04 September 2007

A Sense of Belonging

Discussing today's Public Services Improvement Policy Group report on Radio 4 this morning, Baroness Perry suggested that the tendency for school size to increase over the last ten years has been a disaster "very much at the root of some of the bad behaviour that we have seen":

"It's a sense of belonging more than anything else which children lack in very large schools. They feel that nobody knows them and if you are not known you can get away with anything. The sense of being part of a smaller community where people do know who you are, where you have a real sense that you belong in the community and it matters what you do, makes a huge difference."
She went on to praise experiments in America where big schools have been broken down into small units — what they call "several small schools under one roof" — resulting in reduced truancy rates and improvement in both performance and discipline. She was also critical of the increase in the number of repeating exclusions — almost a quarter of a million a year — which she described as "just a recognition of failure":
"I want to see much more positive attempts within the school to keep these children engaged, interested and excited in what's going on. I think we are failing them by giving them a curriculum which is only really suitable for about half the children in our schools — the other half are being failed by what we're offering them."
Among the 156 proposals in the report, some of the other ones that stand out for me are:

  • We propose that the Treasury should present an annual report to Parliament which sets out the public health implications and impacts of all public expenditure programmes both within and outside the Department of Health.
  • We propose that the next Conservative government should remove licences from shops prosecuted for selling alcohol and tobacco to minors.
  • We propose that the next Conservative government should establish better access to mental health and drug rehabilitation services for those in the criminal justice system.
  • We propose that the next Conservative government should bring forward legislation to provide for the establishment of an NHS Board which is independent and accountable to local communities and through Ministers to Parliament.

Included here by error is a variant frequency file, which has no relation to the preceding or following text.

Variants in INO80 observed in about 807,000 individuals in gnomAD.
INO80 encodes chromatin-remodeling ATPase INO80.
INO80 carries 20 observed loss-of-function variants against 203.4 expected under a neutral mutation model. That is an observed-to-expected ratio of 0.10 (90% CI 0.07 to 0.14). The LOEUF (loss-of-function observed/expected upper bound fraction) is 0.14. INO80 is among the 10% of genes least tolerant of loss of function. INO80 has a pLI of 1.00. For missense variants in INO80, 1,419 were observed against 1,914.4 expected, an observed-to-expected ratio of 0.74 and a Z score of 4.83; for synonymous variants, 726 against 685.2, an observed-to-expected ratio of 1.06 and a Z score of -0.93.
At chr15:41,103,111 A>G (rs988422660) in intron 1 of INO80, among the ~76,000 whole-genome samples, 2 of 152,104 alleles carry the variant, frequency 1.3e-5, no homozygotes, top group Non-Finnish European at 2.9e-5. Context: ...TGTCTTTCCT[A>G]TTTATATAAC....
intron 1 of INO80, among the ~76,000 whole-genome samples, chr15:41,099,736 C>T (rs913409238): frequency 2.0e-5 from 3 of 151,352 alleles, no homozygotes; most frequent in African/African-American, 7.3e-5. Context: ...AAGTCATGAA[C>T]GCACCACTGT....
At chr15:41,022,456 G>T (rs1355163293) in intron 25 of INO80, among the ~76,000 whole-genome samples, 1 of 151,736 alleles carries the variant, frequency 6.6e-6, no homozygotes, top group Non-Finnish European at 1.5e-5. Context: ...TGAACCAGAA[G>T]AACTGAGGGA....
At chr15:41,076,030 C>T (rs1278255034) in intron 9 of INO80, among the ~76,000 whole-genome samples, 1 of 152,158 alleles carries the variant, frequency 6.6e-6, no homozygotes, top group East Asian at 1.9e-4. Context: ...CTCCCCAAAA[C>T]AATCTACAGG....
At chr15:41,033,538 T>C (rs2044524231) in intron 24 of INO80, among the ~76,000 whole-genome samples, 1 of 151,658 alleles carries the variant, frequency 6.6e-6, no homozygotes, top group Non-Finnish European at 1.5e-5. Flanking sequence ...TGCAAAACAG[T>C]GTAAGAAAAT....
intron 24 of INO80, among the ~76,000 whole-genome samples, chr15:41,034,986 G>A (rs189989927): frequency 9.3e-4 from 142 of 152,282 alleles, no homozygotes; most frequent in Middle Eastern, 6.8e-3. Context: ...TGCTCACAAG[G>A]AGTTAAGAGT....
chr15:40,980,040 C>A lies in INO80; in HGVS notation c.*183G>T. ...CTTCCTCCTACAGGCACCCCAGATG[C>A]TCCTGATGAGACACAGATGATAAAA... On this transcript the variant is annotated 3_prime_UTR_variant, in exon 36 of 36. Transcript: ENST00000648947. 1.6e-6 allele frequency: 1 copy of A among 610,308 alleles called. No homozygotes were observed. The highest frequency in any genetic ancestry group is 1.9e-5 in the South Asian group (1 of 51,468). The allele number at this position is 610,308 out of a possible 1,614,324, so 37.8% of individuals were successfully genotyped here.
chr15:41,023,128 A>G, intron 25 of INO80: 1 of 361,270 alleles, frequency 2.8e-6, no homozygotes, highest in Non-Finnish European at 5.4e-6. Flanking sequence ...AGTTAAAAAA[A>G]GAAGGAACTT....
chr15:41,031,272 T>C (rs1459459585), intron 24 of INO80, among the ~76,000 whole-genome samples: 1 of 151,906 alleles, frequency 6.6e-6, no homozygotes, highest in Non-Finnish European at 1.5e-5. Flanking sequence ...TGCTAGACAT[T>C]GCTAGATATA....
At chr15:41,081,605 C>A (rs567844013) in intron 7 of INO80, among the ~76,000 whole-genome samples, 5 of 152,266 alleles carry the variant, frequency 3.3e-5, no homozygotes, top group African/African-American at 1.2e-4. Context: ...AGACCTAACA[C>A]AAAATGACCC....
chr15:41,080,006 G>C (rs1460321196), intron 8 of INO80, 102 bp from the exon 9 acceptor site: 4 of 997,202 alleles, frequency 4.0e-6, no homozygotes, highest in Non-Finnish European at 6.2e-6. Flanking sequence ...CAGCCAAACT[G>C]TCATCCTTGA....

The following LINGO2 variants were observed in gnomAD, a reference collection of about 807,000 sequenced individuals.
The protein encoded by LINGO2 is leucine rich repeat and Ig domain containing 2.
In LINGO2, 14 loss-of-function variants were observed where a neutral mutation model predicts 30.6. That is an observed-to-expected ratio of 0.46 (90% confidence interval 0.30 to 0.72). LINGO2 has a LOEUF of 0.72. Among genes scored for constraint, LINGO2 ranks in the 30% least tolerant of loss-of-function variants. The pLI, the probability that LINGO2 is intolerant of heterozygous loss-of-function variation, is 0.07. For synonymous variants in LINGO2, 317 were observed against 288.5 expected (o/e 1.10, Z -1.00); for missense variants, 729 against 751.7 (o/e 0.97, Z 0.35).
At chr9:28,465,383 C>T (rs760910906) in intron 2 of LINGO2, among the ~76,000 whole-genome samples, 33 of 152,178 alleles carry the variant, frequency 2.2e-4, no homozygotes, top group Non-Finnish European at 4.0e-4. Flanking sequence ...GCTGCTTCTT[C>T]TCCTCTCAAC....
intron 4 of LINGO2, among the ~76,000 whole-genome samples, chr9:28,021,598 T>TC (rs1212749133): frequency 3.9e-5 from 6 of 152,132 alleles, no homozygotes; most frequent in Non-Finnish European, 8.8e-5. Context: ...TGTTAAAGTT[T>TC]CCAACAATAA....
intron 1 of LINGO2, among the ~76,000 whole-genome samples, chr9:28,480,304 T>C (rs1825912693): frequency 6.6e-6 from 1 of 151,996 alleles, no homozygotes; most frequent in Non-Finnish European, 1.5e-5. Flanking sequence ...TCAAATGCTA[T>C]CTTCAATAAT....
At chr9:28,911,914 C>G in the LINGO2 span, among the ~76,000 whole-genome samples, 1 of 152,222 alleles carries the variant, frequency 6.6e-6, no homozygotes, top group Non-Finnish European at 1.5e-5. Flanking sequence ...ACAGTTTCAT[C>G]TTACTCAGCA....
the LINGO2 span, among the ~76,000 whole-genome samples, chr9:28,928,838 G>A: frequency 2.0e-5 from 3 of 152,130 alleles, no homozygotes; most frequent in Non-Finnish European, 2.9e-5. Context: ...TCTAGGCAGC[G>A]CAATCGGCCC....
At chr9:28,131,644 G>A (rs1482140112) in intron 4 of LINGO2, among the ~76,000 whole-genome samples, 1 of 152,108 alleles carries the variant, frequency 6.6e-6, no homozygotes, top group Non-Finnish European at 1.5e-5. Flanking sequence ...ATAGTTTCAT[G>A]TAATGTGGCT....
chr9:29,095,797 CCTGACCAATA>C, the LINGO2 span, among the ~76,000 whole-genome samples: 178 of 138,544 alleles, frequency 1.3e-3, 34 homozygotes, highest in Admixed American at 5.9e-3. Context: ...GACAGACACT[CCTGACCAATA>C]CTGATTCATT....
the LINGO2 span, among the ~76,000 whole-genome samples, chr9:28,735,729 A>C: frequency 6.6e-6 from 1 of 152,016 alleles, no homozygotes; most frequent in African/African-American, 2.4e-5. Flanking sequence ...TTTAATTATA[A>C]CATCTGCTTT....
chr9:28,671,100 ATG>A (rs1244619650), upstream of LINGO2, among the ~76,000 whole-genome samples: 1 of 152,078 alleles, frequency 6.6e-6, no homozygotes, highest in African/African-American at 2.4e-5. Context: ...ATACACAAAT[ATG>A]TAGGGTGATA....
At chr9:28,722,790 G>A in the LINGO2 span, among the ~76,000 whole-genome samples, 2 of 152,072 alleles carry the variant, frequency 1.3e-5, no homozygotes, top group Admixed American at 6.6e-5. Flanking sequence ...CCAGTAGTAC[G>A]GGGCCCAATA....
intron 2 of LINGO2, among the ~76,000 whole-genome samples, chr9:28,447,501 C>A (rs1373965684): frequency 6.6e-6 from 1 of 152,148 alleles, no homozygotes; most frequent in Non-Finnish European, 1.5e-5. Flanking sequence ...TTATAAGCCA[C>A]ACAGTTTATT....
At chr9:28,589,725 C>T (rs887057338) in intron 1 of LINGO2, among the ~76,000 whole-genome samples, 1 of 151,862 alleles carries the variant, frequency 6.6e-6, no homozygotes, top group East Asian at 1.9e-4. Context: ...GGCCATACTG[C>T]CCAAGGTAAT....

• We propose that the next Conservative government should establish a new statutory framework for NICE which clarifies the scope of its work and advice.
  • We propose the next Conservative government should work with professional and patient groups to develop a new primary dental service contract that ensures equitable access to dental services.
  • We recommend that teachers receive full anonymity until any case against them has been fully dealt with.
  • We recommend that a review of guidelines and publications are sent to schools should take place, with the aim of reducing the burden that these place upon teachers, allowing them the professional freedom to teach.
  • We propose that the level of prescription set out in the Early Years Foundation Stage Profile and the Primary National Framework be slimmed down to enable early years teachers to focus their judgments on what is best for each individual child.
  • We recommend that there should be far fewer national targets, as the determination of the broad outcomes would give a firm steer to the service nationally. A slimmed down structure of national tests at 7, 11, 14, GCSE and 18-19 examinations and diplomas would provide the government and public with all the information needed to monitor whether the system was delivering successfully.
  • Any pupil falling behind at the age of 11 should, we believe, be given a chance to have remedial education to bring them up to the right standard in the basics, either during the summer before secondary school, or even – particularly perhaps for the summer-born – repeating the final primary school year.
  • We recommend that schools should set by ability unless they can demonstrate that they can achieve higher standards using mixed ability teaching.
Social Housing
  • We recommend that social and economic mobility should be cornerstone of housing policy generally, and of community housing policy in particular. The aim of community housing must be to encourage greater home ownership, with a flexibility that will cater both for those in greatest need and for those struggling to find a home.
  • We recommend that tenants who move between Housing Associations retain their Preserved Right to Buy.
  • We propose a review of VAT and Stamp Duty regimes that discourage private sector involvement in refurbishing the social housing sector.